III. The Arts of Loving
            In this part of her book, Serena Anderlini-D’Onofrio articulates why she feels that bisexual and polyamorous communities provide the framework to actualize a Gaian awareness of living. Bi/Poly communities generate areas of stability of erotic awareness and emotional sustainability that free the imagination from needless fears and create the emotional and ecological abundance that Gaia needs (152). Because of their heavy reliance on touch, connectedness, non-violence, and a subtle knowledge and practice of intimacy, the styles of love invented by poly and bi people promote the activation of the hormonal cycle of Oxytocin (137).   Oxytocin is the hormone responsible for states of emotional calm and connectedness that often fills the aural and inner spaces of bi and poly societies.  Oxytocin becomes a social lubricant within these communities where playfulness is key.  It is the gentle playfulness produced by these arts of loving that enable emotional negotiations and agreements that would otherwise be impossible in an environment without it.
 The styles of love practiced in bi and poly communities help build the trust necessary to overcome fears and are often intentionally designed to break down people’s defensive identities, body armors and egos, so that all players can enjoy the free circulations of amorous energies.  It is this symbiotic reason that transforms scarcity into abundance. 
Consumer society can be visualized as an extensive orgy inasmuch as it is organized as a continuum orgiastic display of material temptations that induce desire for things we often don’t need or want (163). Anderlini-D’Onofrio writes that the combined practices of bi and poly love have the power to allow individual players to become part of the “flow of the orgy”, to consciously navigate its flow and become consensually immersed into the movement of the symbiotic energy generated by our aural, astral, and physical bodies at play (163).  This results in sustainability, balance, and renewability of resources for all involved, and it maximizes a player’s ability to give and receive love.  She writes:
“As players learn to navigate this emotional/erotic space, the dialogue between the emotional and erotic realms enables them to maximize the love energy they can share.  This sharing of emotional resources generates symbiotic energy fields between players, and enables the creation of emotional sustainability that result in symbiotic plateaus of enhanced awareness.  These plateaus involve crises that manifest at certain points in the network, and whose collective management can productively turn them into opportunities for deeper levels of symbiosis.  This growth and change can move the entire network on a higher level of awareness that enables more focused and productive experiments in the management of shared emotional resources and the symbioses therefore.  The network thus functions like a sustainable ecosystem for all of these interpersonal energies.  It generates the sustainability, balance, and renewability of resources for all involved” (165).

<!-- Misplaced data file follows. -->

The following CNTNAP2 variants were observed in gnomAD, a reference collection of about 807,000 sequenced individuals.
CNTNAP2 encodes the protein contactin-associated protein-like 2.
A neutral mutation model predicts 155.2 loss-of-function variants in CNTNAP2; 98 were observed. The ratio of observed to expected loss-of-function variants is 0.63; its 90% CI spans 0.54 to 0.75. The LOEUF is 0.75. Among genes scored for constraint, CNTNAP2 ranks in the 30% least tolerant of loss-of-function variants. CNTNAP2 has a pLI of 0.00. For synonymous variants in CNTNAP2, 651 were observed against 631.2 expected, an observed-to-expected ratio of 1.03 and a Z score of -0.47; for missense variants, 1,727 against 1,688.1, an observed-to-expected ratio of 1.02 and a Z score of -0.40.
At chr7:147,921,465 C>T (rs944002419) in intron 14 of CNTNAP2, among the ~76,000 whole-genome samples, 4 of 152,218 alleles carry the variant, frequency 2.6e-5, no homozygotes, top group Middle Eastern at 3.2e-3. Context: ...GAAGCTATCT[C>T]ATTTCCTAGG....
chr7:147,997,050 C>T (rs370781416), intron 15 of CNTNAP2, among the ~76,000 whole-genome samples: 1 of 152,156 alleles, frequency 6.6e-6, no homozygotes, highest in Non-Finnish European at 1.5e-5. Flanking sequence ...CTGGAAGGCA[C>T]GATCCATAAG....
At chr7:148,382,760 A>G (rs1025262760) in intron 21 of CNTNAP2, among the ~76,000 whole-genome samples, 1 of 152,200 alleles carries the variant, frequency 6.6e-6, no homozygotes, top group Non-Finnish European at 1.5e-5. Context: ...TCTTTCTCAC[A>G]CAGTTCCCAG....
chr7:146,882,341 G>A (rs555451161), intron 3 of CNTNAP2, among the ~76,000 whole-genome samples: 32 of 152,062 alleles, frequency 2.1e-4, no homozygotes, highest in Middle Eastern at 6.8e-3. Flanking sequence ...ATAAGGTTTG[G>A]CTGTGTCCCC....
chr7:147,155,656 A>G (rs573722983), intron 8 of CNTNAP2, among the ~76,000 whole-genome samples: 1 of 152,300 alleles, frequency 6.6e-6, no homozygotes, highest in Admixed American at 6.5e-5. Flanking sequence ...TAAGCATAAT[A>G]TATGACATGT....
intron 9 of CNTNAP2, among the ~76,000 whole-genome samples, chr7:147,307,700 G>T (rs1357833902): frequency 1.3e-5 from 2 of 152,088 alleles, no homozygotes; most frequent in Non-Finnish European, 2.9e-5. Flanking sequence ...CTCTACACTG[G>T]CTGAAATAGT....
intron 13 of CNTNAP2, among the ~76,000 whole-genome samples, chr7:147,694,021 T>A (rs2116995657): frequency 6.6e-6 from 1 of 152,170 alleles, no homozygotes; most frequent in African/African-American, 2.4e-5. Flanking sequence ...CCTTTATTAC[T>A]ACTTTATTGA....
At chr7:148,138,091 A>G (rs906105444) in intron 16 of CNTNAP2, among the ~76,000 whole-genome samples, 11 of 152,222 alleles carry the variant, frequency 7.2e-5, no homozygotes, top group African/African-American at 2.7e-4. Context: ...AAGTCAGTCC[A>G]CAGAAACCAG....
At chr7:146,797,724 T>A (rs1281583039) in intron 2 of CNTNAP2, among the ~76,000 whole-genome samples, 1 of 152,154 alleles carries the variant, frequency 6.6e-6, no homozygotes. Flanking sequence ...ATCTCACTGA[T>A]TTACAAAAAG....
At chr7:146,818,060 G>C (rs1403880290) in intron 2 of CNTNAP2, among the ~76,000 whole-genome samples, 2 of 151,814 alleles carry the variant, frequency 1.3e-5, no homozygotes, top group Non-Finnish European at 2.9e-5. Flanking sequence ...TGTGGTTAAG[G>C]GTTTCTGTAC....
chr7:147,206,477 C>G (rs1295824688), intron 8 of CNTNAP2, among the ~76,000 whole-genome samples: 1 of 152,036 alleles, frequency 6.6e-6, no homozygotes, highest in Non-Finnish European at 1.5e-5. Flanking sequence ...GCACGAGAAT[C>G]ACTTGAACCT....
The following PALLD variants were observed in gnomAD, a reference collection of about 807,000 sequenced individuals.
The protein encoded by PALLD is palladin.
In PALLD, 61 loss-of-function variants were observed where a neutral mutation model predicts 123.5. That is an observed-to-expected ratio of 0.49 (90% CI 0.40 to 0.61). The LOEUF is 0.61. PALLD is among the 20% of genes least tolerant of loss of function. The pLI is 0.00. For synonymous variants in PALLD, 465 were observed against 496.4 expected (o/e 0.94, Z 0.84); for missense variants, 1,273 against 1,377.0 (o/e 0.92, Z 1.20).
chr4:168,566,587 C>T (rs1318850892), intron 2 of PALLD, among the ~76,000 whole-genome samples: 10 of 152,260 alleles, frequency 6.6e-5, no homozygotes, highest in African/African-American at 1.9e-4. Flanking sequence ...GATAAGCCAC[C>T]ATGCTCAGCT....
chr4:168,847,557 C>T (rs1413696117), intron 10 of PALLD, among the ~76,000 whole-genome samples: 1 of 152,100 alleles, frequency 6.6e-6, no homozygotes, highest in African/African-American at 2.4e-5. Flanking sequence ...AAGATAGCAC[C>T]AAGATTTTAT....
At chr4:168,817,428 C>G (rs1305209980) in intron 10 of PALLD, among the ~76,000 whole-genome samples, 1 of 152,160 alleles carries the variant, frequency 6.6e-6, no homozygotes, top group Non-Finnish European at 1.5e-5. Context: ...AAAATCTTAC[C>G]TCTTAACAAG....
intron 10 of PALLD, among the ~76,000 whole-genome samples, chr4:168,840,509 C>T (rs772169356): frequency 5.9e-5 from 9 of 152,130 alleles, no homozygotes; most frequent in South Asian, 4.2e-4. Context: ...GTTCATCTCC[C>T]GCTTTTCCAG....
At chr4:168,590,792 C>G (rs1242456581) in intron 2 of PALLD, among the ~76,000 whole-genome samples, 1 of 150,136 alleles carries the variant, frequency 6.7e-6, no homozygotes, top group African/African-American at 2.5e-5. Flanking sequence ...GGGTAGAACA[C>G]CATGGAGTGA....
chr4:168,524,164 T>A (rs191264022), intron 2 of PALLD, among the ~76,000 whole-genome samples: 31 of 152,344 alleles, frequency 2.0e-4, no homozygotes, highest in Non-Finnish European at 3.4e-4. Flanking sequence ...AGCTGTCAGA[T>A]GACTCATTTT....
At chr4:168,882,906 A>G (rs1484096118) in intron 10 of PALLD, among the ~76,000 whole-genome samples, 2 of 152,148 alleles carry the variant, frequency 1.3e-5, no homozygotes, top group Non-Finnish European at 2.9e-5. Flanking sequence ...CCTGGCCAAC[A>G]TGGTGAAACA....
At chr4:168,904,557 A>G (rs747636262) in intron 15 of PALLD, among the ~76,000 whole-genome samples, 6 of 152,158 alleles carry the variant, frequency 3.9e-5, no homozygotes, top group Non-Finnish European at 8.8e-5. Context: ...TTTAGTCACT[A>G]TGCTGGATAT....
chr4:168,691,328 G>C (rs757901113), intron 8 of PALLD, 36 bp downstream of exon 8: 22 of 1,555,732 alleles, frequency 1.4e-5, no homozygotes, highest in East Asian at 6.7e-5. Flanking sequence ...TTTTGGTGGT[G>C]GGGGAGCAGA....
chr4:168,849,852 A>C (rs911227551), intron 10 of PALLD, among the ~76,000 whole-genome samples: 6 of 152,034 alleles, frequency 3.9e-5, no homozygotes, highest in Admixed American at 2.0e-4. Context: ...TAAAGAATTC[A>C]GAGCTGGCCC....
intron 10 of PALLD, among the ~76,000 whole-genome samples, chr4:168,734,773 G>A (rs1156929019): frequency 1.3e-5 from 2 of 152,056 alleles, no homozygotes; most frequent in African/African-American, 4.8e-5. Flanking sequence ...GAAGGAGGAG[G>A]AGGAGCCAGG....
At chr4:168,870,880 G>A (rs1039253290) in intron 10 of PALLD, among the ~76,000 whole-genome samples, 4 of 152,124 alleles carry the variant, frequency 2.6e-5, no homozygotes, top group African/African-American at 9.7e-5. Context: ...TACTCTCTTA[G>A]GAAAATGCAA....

Applied on a global scale, this turns scarcity into abundance, fear into hope, and hatred into love.  This transformation happens when we players lose our intense sense of entitlement to the resources that surround us in our ecosphere.  The tools of this transformation can be found in the schools of bisexual and polyamorous philosophy where intentional communities are formed by people who consciously choose to live by a shared utopian vision, motivated by Gaian principles. They share an expansive sense of love and sexual expression that involves consensual sharing of emotional and erotic resources and can be learned at their schools (154).
Anderlini-D’Onofrio proposes a journey to these schools to learn the tools of the loving arts, regardless of one’s orientation or identity. These philosophies of both/and/all include and cherish all points in every continuum.  They celebrate our diversities and encourage us to recognize each other and harmonize ourselves with Earth’s symbiotic ecosystem.  If we can take from them the ability to think of love as an art whose forms of expressions is infinite, then perhaps we can incorporate those healing and loving arts to stave off ecological catastrophes caused by our irresponsible behavior as a species. 
Imagine A Better World
We must begin to imagine a world that is better than the current one we inhabit, where wars are beings waged, and fear is abundant.  Serena Anderlini-D’Onofrio has directed us upon a path that might open our imagination to new and thrilling ideas that, if we allow ourselves to be open enough to consider them, can restore our planet to a place of homeostatic symbiosis; a world where we both give and take from what and whom is around us instead of stripping all of their available resources and leaving desolation in our wake.  Gaia and the New Politics of Love offers us a glimpse as to what a world without animosity, soaked in selfish consumption might look like: a place where differences and individuals thrive together while dedicating themselves to the health of Gaia, that which came before us and will sustain herself after we pass. 
Perhaps with this new model emphasizing non-violent, loving sustainability we might do our part in ending the wars and restoring Gaia to her harmonic balance, thus ushering in the new era of planetary peace and health, based on mutual respect and love, that our world surely needs today.                                                                              
http://polyplanet.blogspot.com
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serenagaia • April 8, 2010